Fran O'Sullivan: Sit out water hearing or not - Elias' poser

Chief Justice's past links with Maori Council have ministers ill at ease

Dame Sian Elias successfully acted for the Maori Council on several high-profile Treaty claims against the Crown in the 1980s through to the mid-1990s. Photo / NZPA
Dame Sian Elias successfully acted for the Maori Council on several high-profile Treaty claims against the Crown in the 1980s through to the mid-1990s. Photo / NZPA

Should Chief Justice Sian Elias recuse herself from the upcoming Supreme Court hearing on the Maori water rights claim?

The Chief Justice will no doubt be aware of the mutterings around Wellington on this score since the Maori Council, whose co-chairman is Maanu Paul, issued its claim to water rights and geothermal energy.

It would be a big call to challenge the Chief Justice, who has (in fact) presided over at least three Supreme Court hearings in which the Maori Council has been a plaintiff without facing any challenge from the Executive. But Cabinet ministers are understood to have asked Crown Law to look at whether grounds do in fact exist for a challenge, or a request to be made to her to stand aside.

Elias' prior connections with the Maori Council were so deep that it is surprising that issue has not come up in a considered way before.

She successfully acted for the council on several high-profile Treaty of Waitangi claims against the Crown in the late 1980s through to the mid-1990s.

Some Cabinet ministers take the view that because of this strong and lengthy relationship as one of the council's prime legal advocates, she should recuse herself from the upcoming appeal by the Maori Council against High Court judge Ron Young's judgment effectively clearing the way for the Government to sell down its shareholding in Mighty River Power.

At first blush it would seem unlikely Elias would take this step.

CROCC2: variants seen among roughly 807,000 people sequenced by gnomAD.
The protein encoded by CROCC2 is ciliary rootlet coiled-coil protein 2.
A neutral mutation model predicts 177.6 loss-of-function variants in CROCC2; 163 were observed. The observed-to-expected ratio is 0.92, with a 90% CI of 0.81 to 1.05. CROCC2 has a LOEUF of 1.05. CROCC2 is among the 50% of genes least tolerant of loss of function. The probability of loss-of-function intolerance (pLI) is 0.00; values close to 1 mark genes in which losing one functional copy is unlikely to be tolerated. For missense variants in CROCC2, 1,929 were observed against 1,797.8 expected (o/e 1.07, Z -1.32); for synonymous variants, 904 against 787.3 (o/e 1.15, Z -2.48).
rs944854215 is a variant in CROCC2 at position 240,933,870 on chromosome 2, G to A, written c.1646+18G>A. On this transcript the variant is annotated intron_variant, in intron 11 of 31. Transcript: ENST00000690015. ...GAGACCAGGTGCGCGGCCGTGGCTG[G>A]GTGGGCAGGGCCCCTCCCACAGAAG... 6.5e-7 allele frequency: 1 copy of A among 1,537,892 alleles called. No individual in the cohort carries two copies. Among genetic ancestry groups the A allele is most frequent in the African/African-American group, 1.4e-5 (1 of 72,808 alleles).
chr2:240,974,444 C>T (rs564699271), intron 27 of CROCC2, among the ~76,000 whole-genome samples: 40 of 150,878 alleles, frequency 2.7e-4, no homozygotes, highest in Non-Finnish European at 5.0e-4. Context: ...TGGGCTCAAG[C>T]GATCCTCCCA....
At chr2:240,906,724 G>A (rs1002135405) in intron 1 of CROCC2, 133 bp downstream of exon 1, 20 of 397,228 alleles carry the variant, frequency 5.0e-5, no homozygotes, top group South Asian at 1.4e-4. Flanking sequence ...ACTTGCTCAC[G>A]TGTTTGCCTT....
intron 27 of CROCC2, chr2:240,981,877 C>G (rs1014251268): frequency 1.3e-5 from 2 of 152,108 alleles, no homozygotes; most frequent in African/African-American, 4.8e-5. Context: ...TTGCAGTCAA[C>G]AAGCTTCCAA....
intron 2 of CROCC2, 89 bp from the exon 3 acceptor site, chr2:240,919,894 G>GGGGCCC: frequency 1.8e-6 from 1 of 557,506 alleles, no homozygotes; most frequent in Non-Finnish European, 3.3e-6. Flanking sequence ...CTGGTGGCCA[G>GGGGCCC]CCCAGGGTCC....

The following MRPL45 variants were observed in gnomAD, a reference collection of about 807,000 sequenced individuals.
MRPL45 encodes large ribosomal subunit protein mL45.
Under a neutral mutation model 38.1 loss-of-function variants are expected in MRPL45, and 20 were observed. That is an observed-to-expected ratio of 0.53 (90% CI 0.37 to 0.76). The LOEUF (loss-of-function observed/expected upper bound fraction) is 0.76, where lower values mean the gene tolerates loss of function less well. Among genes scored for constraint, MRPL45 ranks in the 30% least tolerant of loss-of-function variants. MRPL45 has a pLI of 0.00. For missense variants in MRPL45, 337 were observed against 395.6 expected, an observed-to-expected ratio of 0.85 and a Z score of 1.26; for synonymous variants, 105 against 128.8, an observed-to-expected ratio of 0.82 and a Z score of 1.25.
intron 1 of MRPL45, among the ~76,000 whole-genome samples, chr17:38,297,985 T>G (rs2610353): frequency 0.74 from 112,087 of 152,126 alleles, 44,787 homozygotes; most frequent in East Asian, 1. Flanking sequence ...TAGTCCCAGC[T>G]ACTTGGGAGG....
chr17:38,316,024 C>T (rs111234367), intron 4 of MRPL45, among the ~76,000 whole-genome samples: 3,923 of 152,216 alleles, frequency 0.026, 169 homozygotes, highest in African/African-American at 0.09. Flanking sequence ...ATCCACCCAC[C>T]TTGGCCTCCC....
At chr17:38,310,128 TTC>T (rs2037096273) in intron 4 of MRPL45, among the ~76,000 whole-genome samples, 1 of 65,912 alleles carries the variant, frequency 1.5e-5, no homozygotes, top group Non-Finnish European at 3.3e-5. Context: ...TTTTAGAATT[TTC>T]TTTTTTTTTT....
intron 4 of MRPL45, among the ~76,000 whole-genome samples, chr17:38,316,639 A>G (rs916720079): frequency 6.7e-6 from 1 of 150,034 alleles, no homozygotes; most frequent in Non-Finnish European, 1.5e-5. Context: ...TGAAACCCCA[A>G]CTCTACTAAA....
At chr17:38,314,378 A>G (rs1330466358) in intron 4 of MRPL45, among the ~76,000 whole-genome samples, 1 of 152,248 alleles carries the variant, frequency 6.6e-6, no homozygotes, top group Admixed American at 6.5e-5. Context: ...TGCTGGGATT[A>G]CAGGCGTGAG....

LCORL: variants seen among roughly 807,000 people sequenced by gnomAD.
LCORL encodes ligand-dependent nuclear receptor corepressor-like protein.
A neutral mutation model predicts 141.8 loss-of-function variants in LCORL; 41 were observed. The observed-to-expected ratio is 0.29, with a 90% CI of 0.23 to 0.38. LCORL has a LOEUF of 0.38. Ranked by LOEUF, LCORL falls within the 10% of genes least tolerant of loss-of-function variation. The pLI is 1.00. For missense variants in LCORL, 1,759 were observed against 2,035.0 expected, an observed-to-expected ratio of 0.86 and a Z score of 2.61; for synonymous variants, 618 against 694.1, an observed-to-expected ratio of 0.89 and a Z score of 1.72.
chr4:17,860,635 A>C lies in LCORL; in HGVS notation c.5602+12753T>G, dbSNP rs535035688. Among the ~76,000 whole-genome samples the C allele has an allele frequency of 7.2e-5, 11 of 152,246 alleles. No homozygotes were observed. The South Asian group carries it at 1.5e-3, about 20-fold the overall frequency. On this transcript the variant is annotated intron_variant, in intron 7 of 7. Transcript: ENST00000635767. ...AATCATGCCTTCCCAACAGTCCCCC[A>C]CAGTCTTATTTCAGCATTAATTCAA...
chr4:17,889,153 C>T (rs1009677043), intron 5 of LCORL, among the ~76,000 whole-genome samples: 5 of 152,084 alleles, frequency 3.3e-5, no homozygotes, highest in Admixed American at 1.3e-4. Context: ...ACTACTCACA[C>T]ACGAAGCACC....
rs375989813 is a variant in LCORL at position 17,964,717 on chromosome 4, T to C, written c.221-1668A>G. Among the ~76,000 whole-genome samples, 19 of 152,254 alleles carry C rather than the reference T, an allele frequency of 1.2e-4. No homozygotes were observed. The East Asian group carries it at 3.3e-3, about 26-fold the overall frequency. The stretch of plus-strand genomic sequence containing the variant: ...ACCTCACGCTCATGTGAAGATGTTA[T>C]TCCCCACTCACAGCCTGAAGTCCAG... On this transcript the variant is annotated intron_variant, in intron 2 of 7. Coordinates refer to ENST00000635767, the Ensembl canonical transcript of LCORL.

Lawyer Stephen Franks was criticised after he said in Parliament that the Chief Justice should have recused herself on the Ngati Apa case that "plunged us into the seabed and foreshore mire" . In 2005, Franks argued that New Zealand needs a mechanism to neutralise the suspicions that will attend such judges in areas of passion.

"We need access in some cases to patently impartial international umpires, outside the cosy hot-house that is our senior legal society," Franks said, noting that it is no solution to say that we should not appoint judges like Dame Sian.

"We do not want only judges who have been so incurious or toadyish or colourless or spineless as to have never participated in the great debates of our society."

But there have been few others who have dared to publicly question her role in presiding on such cases.

When Elias has stood aside it has been when a direct personal conflict has arisen. For instance, when she scratched herself from a Supreme Court case involving jockey Lisa Cropp who had been riding one of the judge's horses. There were also criticisms over the Supreme Court's handling of the Bill Wilson affair.

The Chief Justice made her name in the pivotal 1987 case where the late Justice Sir Robin Cooke handed down a Court of Appeal ruling in the Maori Council's favour establishing a key principle of the Treaty of Waitangi as "partnership". Elias - with David Baragwanath - acted for the council.

The water rights case will go straight to the Supreme Court for a full-court hearing on January 31. The single ground for appeal is whether Young was right to dismiss the council's application to review the Government's decisions on the sell down of Mighty River Power because of outstanding claims to water rights.

At Government level there is also concern over the very legitimacy of the Maori Council.

Cabinet ministers such as Bill English - who was second respondent in the council's High Court action - are sceptical over the council's standing.

He contends that it doesn't really represent the Maori leadership of today. But it would be surprising if the Government tried to reopen this issue at Supreme Court level.

The asset sales are a major part of the Government's fiscal programme. If it can release the multibillion-dollar revenue from the three energy companies it will resolve a difficult Budget hole.

If the Supreme Court rules against the Government the stakes will be heightened. But if the Supreme Court, - with Elias at the helm - did uphold Young's judgment, the Government would be in a very strong place indeed.

Big calls all round and plenty of soul-searching over Christmas.

- NZ Herald

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Head of Business for NZME

Fran O'Sullivan has written a weekly column for the Business Herald since its inception in April 1997. In her early journalistic career she was a political journalist in Wellington and subsequently an investigative journalist who broke many major business stories including the first articles that led to the Winebox Inquiry in both NBR and the Sydney Morning Herald. She has specific expertise in relation to China where she has been a frequent visitor since the late 1990s. She is a former Editor of the National Business Review; has twice been awarded Qantas Journalist of the Year and is a multiple winner of the Westpac Financial Journalism Supreme Award.

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